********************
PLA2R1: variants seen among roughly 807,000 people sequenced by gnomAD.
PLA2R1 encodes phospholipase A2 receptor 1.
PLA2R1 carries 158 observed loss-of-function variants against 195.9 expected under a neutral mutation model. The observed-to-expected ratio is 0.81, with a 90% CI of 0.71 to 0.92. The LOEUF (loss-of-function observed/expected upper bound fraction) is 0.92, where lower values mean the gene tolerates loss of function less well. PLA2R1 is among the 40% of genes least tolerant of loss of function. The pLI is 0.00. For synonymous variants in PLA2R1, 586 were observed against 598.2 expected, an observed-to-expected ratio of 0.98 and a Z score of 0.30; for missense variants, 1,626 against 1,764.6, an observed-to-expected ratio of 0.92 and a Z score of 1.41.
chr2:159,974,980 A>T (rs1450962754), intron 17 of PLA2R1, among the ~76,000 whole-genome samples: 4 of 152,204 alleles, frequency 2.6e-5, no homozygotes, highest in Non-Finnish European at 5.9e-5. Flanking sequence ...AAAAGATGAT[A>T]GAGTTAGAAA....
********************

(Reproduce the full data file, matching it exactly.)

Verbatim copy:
PLA2R1: variants seen among roughly 807,000 people sequenced by gnomAD.
PLA2R1 encodes phospholipase A2 receptor 1.
PLA2R1 carries 158 observed loss-of-function variants against 195.9 expected under a neutral mutation model. The observed-to-expected ratio is 0.81, with a 90% CI of 0.71 to 0.92. The LOEUF (loss-of-function observed/expected upper bound fraction) is 0.92, where lower values mean the gene tolerates loss of function less well. PLA2R1 is among the 40% of genes least tolerant of loss of function. The pLI is 0.00. For synonymous variants in PLA2R1, 586 were observed against 598.2 expected, an observed-to-expected ratio of 0.98 and a Z score of 0.30; for missense variants, 1,626 against 1,764.6, an observed-to-expected ratio of 0.92 and a Z score of 1.41.
chr2:159,974,980 A>T (rs1450962754), intron 17 of PLA2R1, among the ~76,000 whole-genome samples: 4 of 152,204 alleles, frequency 2.6e-5, no homozygotes, highest in Non-Finnish European at 5.9e-5. Flanking sequence ...AAAAGATGAT[A>T]GAGTTAGAAA....